Scott Brown (10:04)
Yeah, yeah, I can, I can appreciate that. Just going back to the career change and making making that switch what I find really interesting about it and fascinating about it, I guess you've managed to marry your artistic pursuits and your passions. With a more traditional career. Other people that I've perhaps spoken to have done it the opposite way around. So their corporate career first and left, the corporate career moved into there and pursued their passion. Is that the way you see it,
Judge Jules (10:36)
the theory was that I was going down civvy street and leaving hippie street. You silly metaphors. But the reality is that I do I do both simultaneously, I've actually got a really close friend that I met at my my previous firm, who was a kind of IP based lawyer, a fashion and brands lawyer, who's now a music manager, and it's kind of completely left his legal career behind and, and we laugh at each other because he thinks I'm utterly insane, because he'd always wanted to be in the music business. And I wouldn't, I'd always wanted to be a lawyer, but it's been an aspiration, and I've had had for a long time prior to actually doing it.
Scott Brown (11:12)
Right? Where did that Where did that come from? Who are your who are your biggest influences or mentors within law?
Judge Jules (11:21)
Well, I had a very close friend who, my previous firm who now is a sole practitioner, who has got some absolutely household name clients who really, we happen to support the same football team and go to go to football together. So there's a big social thing as well. And he really took me under his wing. And, you know, when I was being having been a trainee in a law firm work, but a much older trainee than than typical, you're in a strange situation, really, because you can't be beasted as but you know, you can't be made to do loads of stapling and photocopy or you can be but I wasn't made to, because people will get mad about it, because you're, you're this kind of weird character that they've heard of a little bit. But at the same time, I didn't want to act like I was high and mighty. And I was very lucky to have a mentor who just drew me into the sort of work that trainees wouldn't normally get given on their first day, let alone in the latter portion of their traineeship. What so I was able to take those kinds of commercial, those bits of commercial knowledge and actually apply them to legal practice very, very quickly and build up a client base, while still a trainee, a client base while still a trainee to the point at which I was completely sort of independent of having to work on other other Fiona's clients while still a trainee, which was nice.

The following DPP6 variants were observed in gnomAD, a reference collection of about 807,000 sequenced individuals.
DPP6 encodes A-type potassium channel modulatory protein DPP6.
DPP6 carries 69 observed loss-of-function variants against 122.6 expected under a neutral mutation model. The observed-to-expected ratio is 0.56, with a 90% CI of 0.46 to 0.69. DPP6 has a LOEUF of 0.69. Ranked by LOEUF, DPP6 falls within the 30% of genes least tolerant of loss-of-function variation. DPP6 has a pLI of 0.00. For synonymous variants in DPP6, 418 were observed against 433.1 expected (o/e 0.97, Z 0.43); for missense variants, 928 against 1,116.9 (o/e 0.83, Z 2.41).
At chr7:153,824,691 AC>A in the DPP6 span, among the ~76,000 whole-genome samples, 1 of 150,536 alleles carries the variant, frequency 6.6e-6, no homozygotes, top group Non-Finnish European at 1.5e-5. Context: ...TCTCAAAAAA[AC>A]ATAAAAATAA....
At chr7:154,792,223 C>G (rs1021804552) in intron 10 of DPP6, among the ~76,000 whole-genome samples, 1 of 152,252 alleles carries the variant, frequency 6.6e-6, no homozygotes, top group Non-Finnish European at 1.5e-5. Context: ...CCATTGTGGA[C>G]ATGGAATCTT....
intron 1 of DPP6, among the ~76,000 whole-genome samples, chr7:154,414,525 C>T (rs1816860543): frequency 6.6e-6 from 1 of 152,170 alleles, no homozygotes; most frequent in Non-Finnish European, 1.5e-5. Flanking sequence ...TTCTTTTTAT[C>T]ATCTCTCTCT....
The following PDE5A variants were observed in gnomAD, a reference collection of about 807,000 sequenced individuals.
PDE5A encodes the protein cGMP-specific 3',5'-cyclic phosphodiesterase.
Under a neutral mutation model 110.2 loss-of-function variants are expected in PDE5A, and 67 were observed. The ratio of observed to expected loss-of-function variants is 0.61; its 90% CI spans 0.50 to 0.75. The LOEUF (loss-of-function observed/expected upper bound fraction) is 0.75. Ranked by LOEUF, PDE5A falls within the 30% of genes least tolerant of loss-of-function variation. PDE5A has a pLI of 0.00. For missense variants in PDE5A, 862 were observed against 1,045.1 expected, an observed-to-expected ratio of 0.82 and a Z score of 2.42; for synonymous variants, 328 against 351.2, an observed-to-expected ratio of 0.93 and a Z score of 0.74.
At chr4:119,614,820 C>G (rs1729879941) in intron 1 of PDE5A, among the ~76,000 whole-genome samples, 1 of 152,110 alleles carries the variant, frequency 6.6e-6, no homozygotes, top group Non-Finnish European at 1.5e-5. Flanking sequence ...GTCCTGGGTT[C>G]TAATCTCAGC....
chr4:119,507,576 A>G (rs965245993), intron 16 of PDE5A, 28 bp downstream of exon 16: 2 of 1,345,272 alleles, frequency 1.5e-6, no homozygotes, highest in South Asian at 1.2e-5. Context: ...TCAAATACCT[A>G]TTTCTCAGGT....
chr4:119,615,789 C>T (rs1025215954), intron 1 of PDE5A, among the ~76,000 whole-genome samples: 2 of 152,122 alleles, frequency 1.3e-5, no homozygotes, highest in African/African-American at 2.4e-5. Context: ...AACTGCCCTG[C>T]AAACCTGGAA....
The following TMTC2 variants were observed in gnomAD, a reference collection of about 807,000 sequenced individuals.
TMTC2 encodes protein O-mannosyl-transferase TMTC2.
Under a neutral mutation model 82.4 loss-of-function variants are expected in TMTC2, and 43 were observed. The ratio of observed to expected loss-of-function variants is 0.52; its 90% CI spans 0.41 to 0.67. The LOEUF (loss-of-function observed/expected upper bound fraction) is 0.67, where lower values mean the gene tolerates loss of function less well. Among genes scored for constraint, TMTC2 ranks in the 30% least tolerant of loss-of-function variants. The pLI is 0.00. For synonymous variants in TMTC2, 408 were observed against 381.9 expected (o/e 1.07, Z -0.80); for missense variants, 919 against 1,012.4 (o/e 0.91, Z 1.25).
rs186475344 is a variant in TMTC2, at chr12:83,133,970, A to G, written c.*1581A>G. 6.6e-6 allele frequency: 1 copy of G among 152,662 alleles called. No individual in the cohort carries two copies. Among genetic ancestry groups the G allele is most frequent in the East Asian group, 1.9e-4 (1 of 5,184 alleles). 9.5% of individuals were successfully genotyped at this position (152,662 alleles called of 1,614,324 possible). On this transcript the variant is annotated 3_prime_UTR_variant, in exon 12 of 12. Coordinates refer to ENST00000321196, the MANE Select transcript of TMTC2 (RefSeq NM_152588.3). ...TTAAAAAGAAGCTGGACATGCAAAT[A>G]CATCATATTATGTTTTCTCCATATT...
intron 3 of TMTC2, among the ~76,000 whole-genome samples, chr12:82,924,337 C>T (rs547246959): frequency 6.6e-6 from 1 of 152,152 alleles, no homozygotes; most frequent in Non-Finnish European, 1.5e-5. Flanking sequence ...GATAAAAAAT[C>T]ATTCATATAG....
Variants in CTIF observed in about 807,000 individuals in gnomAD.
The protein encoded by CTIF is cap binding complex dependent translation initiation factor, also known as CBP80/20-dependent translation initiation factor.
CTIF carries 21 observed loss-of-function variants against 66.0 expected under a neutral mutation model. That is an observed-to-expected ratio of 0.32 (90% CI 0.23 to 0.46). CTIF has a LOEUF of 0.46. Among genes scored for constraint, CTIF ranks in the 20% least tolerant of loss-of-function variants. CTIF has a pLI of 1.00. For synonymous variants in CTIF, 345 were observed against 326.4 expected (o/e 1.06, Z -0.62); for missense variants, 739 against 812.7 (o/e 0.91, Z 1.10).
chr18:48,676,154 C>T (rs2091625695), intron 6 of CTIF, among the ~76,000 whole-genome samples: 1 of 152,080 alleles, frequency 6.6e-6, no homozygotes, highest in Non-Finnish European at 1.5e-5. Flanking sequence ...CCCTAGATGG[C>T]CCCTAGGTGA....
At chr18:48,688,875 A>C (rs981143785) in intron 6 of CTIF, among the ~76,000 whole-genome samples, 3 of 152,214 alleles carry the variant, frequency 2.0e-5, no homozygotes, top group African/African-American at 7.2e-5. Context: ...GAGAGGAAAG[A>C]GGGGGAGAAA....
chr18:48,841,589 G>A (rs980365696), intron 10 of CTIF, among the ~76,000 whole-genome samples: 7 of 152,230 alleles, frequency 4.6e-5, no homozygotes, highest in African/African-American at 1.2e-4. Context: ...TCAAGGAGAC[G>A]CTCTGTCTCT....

Scott Brown (12:40)
Yeah, get to know they treated you treated you well, what I remember from my my days as a trainee, there was a lot of a lot of socialising, trying to chum up with senior associates and partners. But how are you? How are you treated in that, in that sense, or in socials?
Judge Jules (12:59)
So I was trying to come up with anybody I got on with people. I mean, I've come from really social backgrounds. I mean, obviously, to be a successful DJ, you obviously got to be able to mix some great tunes together, but you're constantly out every single weekend. I mean, since since the end of lockdown since July, the 19th. So called freedoms I've done 40 gigs, 40, DJ gigs between then and now we're talking. We're recording this in early November. So in a fairly short period of time, every one of those I'm having to go and meet new people probably never met before doing festivals. So So actually, just hanging out and socialising and talking is it comes a second nature, it's all I've ever known. So that element of being a lawyer was quite fun and, and actually, I realised that some of the laws I was working with, were bigger party animals, and some of the party people I've kind of worked with in my in my sort of prior life.
Scott Brown (13:52)
Yeah, I can. I can imagine. I know. I know a few of those. Actually, when I was when I was thinking about this. This chat. It's surreal to be sat interviewing you today about lessons learned in law because I was actually at I think it was New Year's Eve 2019 in Edinburgh after a gig in Princes Street Gardens. I seen your after. I don't know if it was an after gig, if that was how it was, how it was built, but you're set at the McCune Hall in Edinburgh. So it's Yes, a bit crazy to be sat here talking about about law. I think that was probably one of the original super spreader events of COVID when it was under the radar that you actually mentioned the big football your gunners fan. I understand.
Judge Jules (14:32)
I am I am. It's funny. Well, I Well, I don't want to I and I must say that that my love of football has come up in both of my job interviews for the two positions that I failed as a as a lawyer. To be fair, I think that's more because people kind of root out your interest to see if you're a face that fits because let's face it, we're in a we're in an industry where there's a fairly high degree of academic achievements. So you're almost, and in my, in my current firm now in partner, I've been involved in the recruitment process. So whereas in my previous firm I was to junior, and it was a much bigger firm, therefore, I wasn't ever involved in the recruiting process. And you certainly learn that. Yes, of course, a CV is going to be the first point of reference, pardon the pun in terms of whether or not to recruit somebody, but actually that social thing whether the face will fit and that that's not supposed to be a statement of everything that hate people hate about the legal profession, you know, pale male and stale, I don't kind of mean that I mean, that just just to know that you're a fun person, whatever your interests are, is really, really important. Because you are, you're at close quarters with that individual for potentially for years